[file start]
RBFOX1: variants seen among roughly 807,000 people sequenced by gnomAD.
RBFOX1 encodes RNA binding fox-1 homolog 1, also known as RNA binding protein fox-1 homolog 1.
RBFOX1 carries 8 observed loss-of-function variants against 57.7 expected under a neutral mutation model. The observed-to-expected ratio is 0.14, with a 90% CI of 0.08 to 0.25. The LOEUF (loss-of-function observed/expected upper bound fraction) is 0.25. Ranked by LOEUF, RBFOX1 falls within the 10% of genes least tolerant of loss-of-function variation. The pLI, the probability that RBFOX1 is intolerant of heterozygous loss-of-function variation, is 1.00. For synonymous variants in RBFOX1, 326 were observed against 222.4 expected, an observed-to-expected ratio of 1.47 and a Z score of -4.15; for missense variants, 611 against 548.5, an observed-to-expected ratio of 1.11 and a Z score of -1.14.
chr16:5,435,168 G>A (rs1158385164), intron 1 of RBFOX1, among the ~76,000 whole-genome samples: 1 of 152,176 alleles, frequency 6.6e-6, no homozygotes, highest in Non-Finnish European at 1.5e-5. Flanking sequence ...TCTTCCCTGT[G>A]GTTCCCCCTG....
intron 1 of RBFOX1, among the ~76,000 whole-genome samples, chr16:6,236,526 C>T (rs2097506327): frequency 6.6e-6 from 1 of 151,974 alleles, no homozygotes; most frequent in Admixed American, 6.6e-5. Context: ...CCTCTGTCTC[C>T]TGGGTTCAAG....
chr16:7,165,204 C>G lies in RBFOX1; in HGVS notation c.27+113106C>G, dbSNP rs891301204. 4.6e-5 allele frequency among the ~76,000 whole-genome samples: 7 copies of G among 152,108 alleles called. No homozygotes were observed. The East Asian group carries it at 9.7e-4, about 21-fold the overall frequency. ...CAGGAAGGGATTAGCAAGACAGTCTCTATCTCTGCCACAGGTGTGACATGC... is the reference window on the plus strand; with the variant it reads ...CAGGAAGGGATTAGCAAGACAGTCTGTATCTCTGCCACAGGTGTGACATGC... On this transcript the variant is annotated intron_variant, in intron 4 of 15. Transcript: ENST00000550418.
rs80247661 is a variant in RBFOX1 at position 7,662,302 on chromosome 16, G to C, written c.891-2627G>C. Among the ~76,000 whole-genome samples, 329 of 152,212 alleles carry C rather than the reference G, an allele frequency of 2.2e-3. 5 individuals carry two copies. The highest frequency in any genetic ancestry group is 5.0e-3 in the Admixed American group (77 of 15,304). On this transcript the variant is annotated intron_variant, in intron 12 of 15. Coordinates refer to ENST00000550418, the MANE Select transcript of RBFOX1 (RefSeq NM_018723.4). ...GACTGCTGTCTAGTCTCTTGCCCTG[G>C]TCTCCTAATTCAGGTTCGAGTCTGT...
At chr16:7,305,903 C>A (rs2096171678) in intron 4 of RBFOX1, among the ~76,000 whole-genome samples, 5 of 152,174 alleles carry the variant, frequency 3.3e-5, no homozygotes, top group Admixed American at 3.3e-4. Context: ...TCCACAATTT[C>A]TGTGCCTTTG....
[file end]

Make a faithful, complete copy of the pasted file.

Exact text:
RBFOX1: variants seen among roughly 807,000 people sequenced by gnomAD.
RBFOX1 encodes RNA binding fox-1 homolog 1, also known as RNA binding protein fox-1 homolog 1.
RBFOX1 carries 8 observed loss-of-function variants against 57.7 expected under a neutral mutation model. The observed-to-expected ratio is 0.14, with a 90% CI of 0.08 to 0.25. The LOEUF (loss-of-function observed/expected upper bound fraction) is 0.25. Ranked by LOEUF, RBFOX1 falls within the 10% of genes least tolerant of loss-of-function variation. The pLI, the probability that RBFOX1 is intolerant of heterozygous loss-of-function variation, is 1.00. For synonymous variants in RBFOX1, 326 were observed against 222.4 expected, an observed-to-expected ratio of 1.47 and a Z score of -4.15; for missense variants, 611 against 548.5, an observed-to-expected ratio of 1.11 and a Z score of -1.14.
chr16:5,435,168 G>A (rs1158385164), intron 1 of RBFOX1, among the ~76,000 whole-genome samples: 1 of 152,176 alleles, frequency 6.6e-6, no homozygotes, highest in Non-Finnish European at 1.5e-5. Flanking sequence ...TCTTCCCTGT[G>A]GTTCCCCCTG....
intron 1 of RBFOX1, among the ~76,000 whole-genome samples, chr16:6,236,526 C>T (rs2097506327): frequency 6.6e-6 from 1 of 151,974 alleles, no homozygotes; most frequent in Admixed American, 6.6e-5. Context: ...CCTCTGTCTC[C>T]TGGGTTCAAG....
chr16:7,165,204 C>G lies in RBFOX1; in HGVS notation c.27+113106C>G, dbSNP rs891301204. 4.6e-5 allele frequency among the ~76,000 whole-genome samples: 7 copies of G among 152,108 alleles called. No homozygotes were observed. The East Asian group carries it at 9.7e-4, about 21-fold the overall frequency. ...CAGGAAGGGATTAGCAAGACAGTCTCTATCTCTGCCACAGGTGTGACATGC... is the reference window on the plus strand; with the variant it reads ...CAGGAAGGGATTAGCAAGACAGTCTGTATCTCTGCCACAGGTGTGACATGC... On this transcript the variant is annotated intron_variant, in intron 4 of 15. Transcript: ENST00000550418.
rs80247661 is a variant in RBFOX1 at position 7,662,302 on chromosome 16, G to C, written c.891-2627G>C. Among the ~76,000 whole-genome samples, 329 of 152,212 alleles carry C rather than the reference G, an allele frequency of 2.2e-3. 5 individuals carry two copies. The highest frequency in any genetic ancestry group is 5.0e-3 in the Admixed American group (77 of 15,304). On this transcript the variant is annotated intron_variant, in intron 12 of 15. Coordinates refer to ENST00000550418, the MANE Select transcript of RBFOX1 (RefSeq NM_018723.4). ...GACTGCTGTCTAGTCTCTTGCCCTG[G>C]TCTCCTAATTCAGGTTCGAGTCTGT...
At chr16:7,305,903 C>A (rs2096171678) in intron 4 of RBFOX1, among the ~76,000 whole-genome samples, 5 of 152,174 alleles carry the variant, frequency 3.3e-5, no homozygotes, top group Admixed American at 3.3e-4. Context: ...TCCACAATTT[C>A]TGTGCCTTTG....